NH: I’ll invoke Justin for a third and final time and end in a fashion similar to how he wraps up interviews. What are you up to these days? Any projects you can share? Any new interests you are trying to explore in your writing? 

MO: I’m finishing a new collection of poems and am looking forward to working on other things. I don’t have any specific new poetry “projects,” just a pile of drafts of new poems I want to work on and an essay about prophecy.  This new collection has been so focused on the epistolary that, while trying to finish it, I’ve neglected almost anything that hasn’t “fit.” That, I suppose, is one downside to a focused project; usually, I’m writing one poem at a time, not thinking of how they connect to or correspond with other poems. I tend to emphasize the poem as its own, self-contained project. That allows for a lot of freedom when starting a new poem: it doesn’t need to cohere or fit with a larger body of work (at least, not in that moment). When working on a project that’s more concentrated, that becomes a challenge; if you ever want to finish the book, you’ve got to be single-minded.  But I’ve now got a pile of new drafts which have been waiting for me to return to them, and I’m excited to see where they could lead.

Nicholas Howard is a native of North Attleboro, MA, a graduate of Stonehill College, and a current candidate for an MFA in the Writing & Publishing program at Vermont College of Fine Arts. His words have appeared in Stonehill’s journal for student work the Cairn, Stonehill’s Alumni Magazine, the bi-weekly Warwick Beacon, and the blog for both the Flynn Center for Performing Arts and PoemCity. He enjoys performing his poetry at open mics and tries to live by the rule “listen more, waste less.”

Channeling Stories & Creating Patterns: An Interview with Dana Lyons

by Cameron Finch

Dana Lyons lives and works as a user interface designer in Pittsburgh, PA. Using language, vector graphics, and vibrant colors, her work often explores the intersection of ethical design, technology, and human behavior. 

Lyons received her MFA in Graphic Design from Vermont College of Fine Arts in 2018, and she was recently awarded the Hunger Mountain Design Fellowship to design the fabulous look and layout of Hunger Mountain Issue #23: Silence & Power. 

What follows is a conversation about the inspiration and development of her signature design style, as well as Lyons’s fascination with how smart technology affects the human brain. 

Dana Lyons

CF: Let’s start from the beginning! What were some of your passions when you were a child? What did you want to be “when you grew up”?

DL: My first love was dance. Ballet was always my favorite. I always claimed to want to be a prima ballerina when I grew up, but as I got older, I realized that dancing to make money would take the love out of it for me.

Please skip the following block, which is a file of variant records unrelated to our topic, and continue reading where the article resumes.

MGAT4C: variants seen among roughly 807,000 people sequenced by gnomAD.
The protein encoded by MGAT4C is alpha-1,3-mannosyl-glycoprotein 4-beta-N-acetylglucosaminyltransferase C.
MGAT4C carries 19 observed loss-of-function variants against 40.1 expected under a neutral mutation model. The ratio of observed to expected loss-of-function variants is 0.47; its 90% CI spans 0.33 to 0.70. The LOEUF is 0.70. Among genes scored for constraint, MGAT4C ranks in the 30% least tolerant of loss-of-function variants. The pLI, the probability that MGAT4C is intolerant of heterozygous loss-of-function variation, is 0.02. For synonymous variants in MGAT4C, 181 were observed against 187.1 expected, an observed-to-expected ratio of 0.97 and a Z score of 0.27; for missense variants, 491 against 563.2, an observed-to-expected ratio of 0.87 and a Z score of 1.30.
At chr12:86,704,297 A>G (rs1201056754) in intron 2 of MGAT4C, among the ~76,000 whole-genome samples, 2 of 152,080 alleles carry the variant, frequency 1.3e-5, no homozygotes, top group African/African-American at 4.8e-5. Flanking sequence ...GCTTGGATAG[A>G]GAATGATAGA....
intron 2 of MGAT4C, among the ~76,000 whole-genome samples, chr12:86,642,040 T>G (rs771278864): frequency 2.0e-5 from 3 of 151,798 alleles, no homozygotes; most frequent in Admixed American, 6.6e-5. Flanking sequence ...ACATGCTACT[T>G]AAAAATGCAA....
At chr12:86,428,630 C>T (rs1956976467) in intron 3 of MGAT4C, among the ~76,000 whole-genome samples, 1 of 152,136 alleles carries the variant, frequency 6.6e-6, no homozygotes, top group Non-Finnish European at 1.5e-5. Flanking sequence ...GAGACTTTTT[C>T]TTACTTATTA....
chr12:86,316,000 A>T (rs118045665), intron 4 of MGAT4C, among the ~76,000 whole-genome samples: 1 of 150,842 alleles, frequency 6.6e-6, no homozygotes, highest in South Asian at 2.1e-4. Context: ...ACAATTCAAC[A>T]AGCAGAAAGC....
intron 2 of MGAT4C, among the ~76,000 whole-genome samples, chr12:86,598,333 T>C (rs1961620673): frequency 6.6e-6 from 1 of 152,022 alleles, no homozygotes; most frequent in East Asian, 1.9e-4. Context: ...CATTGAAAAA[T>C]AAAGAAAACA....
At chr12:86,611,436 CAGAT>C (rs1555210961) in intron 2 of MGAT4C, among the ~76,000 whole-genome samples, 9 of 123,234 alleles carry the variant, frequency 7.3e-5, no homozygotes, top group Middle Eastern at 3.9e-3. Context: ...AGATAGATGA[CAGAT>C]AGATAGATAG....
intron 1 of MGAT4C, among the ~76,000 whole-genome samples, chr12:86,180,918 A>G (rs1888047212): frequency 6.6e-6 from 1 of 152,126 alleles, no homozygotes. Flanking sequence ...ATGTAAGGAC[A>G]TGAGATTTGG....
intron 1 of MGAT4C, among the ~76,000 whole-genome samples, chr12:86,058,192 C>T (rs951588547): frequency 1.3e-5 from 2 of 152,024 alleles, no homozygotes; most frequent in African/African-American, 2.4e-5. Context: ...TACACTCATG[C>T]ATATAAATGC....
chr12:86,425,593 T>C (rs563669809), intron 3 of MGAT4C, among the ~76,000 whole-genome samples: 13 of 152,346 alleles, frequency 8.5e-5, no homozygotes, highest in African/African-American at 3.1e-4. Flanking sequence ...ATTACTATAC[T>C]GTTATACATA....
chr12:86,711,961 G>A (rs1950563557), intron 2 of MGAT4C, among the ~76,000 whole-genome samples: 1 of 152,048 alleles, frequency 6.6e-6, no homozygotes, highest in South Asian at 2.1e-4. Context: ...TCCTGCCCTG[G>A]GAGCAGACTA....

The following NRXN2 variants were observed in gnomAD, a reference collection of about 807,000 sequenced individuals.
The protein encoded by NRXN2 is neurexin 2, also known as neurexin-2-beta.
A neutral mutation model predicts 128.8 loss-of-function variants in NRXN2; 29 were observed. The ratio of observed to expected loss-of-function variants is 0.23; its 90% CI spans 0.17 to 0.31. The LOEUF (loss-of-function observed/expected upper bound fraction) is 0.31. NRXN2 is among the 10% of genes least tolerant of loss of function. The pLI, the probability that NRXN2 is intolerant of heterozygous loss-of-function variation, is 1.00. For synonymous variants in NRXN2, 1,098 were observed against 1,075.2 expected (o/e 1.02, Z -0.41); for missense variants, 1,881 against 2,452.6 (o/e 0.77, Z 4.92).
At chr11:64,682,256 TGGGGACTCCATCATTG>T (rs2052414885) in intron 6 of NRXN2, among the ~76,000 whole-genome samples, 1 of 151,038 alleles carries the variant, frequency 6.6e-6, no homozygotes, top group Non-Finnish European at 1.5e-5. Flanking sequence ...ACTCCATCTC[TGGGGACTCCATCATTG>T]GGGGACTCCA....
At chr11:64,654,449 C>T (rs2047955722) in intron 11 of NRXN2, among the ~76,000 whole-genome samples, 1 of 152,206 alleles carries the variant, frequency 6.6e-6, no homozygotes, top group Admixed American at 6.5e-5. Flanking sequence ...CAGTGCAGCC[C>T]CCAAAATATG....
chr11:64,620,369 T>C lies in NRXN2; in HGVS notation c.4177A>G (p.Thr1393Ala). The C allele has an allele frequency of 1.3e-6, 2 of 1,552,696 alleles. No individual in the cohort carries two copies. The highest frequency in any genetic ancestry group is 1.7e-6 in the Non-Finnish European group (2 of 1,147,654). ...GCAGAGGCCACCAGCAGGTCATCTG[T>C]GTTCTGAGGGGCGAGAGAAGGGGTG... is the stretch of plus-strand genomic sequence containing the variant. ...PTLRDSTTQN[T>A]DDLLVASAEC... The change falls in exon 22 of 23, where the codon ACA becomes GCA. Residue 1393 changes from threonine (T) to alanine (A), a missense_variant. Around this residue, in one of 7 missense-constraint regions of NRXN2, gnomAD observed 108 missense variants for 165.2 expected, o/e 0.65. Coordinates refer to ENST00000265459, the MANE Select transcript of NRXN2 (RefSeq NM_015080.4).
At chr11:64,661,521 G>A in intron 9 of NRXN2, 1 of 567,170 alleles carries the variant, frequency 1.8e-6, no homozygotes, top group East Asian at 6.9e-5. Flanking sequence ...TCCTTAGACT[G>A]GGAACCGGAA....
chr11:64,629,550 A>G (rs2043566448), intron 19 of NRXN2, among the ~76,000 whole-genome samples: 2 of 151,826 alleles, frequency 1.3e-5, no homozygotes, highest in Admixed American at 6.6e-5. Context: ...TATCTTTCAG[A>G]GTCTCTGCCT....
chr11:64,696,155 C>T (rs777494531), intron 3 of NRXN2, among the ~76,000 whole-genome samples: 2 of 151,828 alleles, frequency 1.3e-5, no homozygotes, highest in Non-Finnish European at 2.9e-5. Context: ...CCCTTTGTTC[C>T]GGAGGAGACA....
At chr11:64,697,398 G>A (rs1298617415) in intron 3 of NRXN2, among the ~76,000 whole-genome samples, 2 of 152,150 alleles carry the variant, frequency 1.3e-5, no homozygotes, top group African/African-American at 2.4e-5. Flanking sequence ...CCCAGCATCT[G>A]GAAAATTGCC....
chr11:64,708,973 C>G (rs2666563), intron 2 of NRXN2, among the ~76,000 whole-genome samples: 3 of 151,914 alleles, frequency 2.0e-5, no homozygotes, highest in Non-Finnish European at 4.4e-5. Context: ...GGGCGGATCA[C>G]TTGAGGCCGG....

I danced for fifteen years, and when it came time to choose a major for undergrad, I settled on double majoring in communication and dance. I ended up dropping dance after the first week and started taking yoga classes at the gym. Getting graded on something that had always been a passion sounded miserable to me. Moving my body has become a crucial part of my creative practice, but it’s more about self-love now than performances.

You are an alum of the MFA in Graphic Design here at VCFA. What was life as a VCFA student like for you? 

I knew that I could easily hide behind a computer screen to complete a Graphic Design MFA, but something about low-residency sounded thrilling to me — especially as an introvert. Somewhere between my first residency and my last, the people around me became my family. If I had to describe VCFA’s Graphic Design MFA program in one word, I think it would have to be healing. I had so many preconceptions coming in to the program about what design was. The VCFA experience has this way of challenging everything you think you know to be true. I made things, wrote things, and designed some things, but ultimately, I think being a student in the design program changed (for the better) the way I see the world, design, and myself. 

“Mind the Gap”: Dana Lyons’s graduate thesis

I don’t think we at Hunger Mountain will ever be able to tell you just how much we love your design of our newest issue, “Silence & Power.” The cover is your original design and resembles the technicolor graphic cover you created for your graduate thesis. How did you develop your “signature” style?

You’re so sweet! It has been such a pleasure. 

I’ve always been pretty savvy in Illustrator, but I never truly explored this illustrative approach until my thesis semester. I’m an Interface Designer professionally, so I work with iconography and vector graphics quite frequently. Book design has never really been my forte, but I knew I wanted to try to design something that commanded attention for the cover. There is some commentary on “The Attention Economy” in the book, so it just felt right. 

In my thesis, I explored the gap between “The World of Things” (the material world) and “The World of Ideas,” (the internet/digital space). Virginia Heffernan writes of these worlds in her book Magic and Loss: The Internet as Art which really had an impact on me in my research. Ultimately, I decided to design a cover that might represent this space for me graphically, inclusive of my pet cats and houseplants! This similar approach seemed appropriate for “Silence & Power” because it became a channel for stories from each side of the double-sided journal to intersect. I would definitely love to do more work in this style if the opportunity presents itself.

Do you have a particular approach as you begin a project?

I tend to mind-dump. The notebook that I carry with me totally looks like the scribbles of a madman. I like to make mind maps, lists, and sketches until I find connections that can become larger projects.